“We are definitely off the map now.”
The world of animation has changed drastically over the last several years. Thanks in part to 1995’s Toy Story and 2001’s Shrek, studios have gravitated to more intelligent storytelling, working to entertain the entire family as they curate characters and conflicts that are both inclusive and relatable. Don Hall and Qui Nguyen’s Strange World continues that tradition, opening up the Disney playbook a little further and giving us a concise, thought-provoking original story that is equal parts funny, heartfelt, and authentic.
Jake Gyllenhaal stars as Searcher Clade, a farmer who, while unenthusiastically accompanying his father on an expedition, discovers pando, a rare plant that sources power. Always struggling to earn his father’s praise, Searcher separates from him and returns home to share his discovery.
A bit off-balanced during the early minutes, Strange World wastes no time diving into the action, giving viewers a glimpse at the fast-paced story that dissects the generational complex and tried relationship between a father and son. But Hall and Nguyen know their characters and continue to keep an eye on the big picture, setting the stage for a large-scale expedition.
The film quickly fasts forward twenty-five years where Searcher has established himself as a leading pando farmer, working the land with his wife Meridian (Gabrielle Union) and son Ethan (Jaboukie Young-White). Their relationship appears strong, and their interactions honest. But in the world of cinema, lives rarely stay simple. After a sweet and appropriately awkward interaction between Ethan, the first out gay teen to appear in a Disney film, and his crush, the President arrives to deliver a dagger: pando is sick, the plant’s universal heart sending out a virus that will invade every source within the month.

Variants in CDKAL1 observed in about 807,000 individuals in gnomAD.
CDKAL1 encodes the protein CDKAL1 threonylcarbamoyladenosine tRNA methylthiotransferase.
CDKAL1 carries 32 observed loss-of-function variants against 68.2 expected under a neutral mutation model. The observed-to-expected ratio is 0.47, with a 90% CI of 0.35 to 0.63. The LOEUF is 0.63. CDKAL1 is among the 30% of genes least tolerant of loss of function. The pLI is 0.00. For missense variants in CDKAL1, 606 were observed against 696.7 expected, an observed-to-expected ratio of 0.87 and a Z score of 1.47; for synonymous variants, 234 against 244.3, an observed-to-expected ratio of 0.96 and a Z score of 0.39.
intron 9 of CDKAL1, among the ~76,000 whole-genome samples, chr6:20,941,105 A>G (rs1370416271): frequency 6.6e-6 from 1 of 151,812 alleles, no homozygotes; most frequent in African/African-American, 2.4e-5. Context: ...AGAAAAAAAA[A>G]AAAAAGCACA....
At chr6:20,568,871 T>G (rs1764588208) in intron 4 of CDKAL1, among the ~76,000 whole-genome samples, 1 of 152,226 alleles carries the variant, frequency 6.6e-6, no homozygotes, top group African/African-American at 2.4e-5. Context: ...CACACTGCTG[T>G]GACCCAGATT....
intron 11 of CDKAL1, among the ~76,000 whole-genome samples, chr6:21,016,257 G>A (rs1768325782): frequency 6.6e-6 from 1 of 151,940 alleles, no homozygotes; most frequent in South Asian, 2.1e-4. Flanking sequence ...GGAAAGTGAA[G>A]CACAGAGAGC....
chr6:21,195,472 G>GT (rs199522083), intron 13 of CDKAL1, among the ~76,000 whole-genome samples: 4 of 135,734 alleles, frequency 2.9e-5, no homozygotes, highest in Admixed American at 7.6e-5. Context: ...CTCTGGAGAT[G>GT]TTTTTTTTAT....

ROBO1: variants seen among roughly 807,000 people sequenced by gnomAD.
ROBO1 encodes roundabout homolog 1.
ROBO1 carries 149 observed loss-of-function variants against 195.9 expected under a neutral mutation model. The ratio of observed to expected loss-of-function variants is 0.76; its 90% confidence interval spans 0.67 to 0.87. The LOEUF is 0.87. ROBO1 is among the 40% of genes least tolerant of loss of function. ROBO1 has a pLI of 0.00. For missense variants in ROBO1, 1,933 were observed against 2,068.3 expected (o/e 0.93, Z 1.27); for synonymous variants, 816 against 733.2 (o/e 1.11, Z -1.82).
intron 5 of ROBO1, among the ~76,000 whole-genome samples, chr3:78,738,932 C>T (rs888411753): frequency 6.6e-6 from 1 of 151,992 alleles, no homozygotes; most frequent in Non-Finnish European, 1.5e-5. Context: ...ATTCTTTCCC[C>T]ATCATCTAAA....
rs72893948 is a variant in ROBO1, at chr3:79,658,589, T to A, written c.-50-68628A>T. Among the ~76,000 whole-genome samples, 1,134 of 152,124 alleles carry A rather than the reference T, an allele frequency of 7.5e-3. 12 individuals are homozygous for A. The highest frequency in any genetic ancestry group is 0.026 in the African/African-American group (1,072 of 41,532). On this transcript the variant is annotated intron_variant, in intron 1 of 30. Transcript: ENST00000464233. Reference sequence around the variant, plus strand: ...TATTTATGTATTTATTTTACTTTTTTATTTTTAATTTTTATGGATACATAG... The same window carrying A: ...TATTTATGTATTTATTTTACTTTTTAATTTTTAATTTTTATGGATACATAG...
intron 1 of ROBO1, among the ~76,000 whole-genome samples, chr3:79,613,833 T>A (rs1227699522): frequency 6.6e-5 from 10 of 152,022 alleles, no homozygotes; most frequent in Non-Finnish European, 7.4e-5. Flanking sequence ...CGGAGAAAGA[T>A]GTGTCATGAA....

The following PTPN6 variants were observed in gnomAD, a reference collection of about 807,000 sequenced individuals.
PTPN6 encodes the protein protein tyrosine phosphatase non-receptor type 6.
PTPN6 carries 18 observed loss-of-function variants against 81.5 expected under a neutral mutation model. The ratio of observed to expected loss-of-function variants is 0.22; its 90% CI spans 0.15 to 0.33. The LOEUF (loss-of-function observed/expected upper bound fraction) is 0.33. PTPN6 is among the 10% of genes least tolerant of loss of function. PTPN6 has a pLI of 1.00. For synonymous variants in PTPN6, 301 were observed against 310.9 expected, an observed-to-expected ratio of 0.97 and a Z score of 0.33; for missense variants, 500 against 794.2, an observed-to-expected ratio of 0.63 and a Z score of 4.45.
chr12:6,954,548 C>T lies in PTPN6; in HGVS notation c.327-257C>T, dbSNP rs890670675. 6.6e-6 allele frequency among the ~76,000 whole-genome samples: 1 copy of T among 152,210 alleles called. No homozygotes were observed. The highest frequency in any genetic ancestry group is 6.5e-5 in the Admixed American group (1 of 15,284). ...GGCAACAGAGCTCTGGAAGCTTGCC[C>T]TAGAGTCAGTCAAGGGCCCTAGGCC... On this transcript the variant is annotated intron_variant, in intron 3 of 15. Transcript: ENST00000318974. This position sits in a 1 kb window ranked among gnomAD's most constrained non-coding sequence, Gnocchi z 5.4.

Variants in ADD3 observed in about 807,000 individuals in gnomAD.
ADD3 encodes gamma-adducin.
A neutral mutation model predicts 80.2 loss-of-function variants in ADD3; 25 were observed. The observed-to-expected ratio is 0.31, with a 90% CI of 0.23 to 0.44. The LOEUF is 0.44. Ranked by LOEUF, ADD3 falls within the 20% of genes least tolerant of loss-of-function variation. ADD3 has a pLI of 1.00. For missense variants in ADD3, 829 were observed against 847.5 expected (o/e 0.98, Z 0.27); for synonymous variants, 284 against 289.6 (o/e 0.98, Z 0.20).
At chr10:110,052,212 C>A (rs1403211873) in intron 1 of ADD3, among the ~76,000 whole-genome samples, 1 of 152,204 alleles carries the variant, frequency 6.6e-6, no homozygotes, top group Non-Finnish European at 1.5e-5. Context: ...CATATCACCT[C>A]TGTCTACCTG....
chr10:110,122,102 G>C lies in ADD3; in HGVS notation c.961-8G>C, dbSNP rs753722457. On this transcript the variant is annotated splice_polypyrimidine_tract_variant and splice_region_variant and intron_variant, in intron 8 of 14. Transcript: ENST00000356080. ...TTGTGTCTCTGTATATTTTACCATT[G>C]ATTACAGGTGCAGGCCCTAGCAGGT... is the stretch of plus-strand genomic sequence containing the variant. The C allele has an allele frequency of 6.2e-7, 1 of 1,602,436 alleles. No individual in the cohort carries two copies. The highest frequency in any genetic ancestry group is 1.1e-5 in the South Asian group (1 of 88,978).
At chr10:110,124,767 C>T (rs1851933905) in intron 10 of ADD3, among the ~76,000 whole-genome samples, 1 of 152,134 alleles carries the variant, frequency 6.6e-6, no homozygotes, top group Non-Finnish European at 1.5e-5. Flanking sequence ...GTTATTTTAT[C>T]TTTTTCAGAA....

It is then that Strange World embraces its title, lifting off into a universe unlike anything we’ve ever seen. Full of bright colors and mythical creatures, the screen pops as your eyes attempt to take in the vastness on full display. Don’t get me wrong, this isn’t Avatar. And the film rarely dives into the what and why. Instead, we jump and fly through the obstacles as the explorers follow the roots to the plant’s core center.
While the shapes and colors entertain the young fans, the more mature viewers will take note of the film’s multi-layered story. On the surface, Searcher and Ethan are both dealing with identity issues that stem from their father’s expectations and their own yearning to be themselves. It’s a universal conflict that plagues many families, yet the heartfelt approach and careful handling allow the friction to land softly. The discord gets a fresh perspective as we witness a family’s unwavering love and commitment to one another.
Additionally, Strange World offers a broader, metaphorical view on the issue utilizing nature and the world around us. It’s a deep dive into the mind as the crew works to save their planet by securing their power source for generations to come. The film challenges its viewers to look at the situation through new eyes as we must question whether the way it’s always been done is, in fact, the best way to do it.
Mindful and aware, Strange World is an adventurous film with heart and meaning. At a time when we are overstimulated with sequels, prequels, and reboots, it’s exciting to see originality grace the screen in a rare Disney theatrical release, giving hope for the future of cinema and creativity.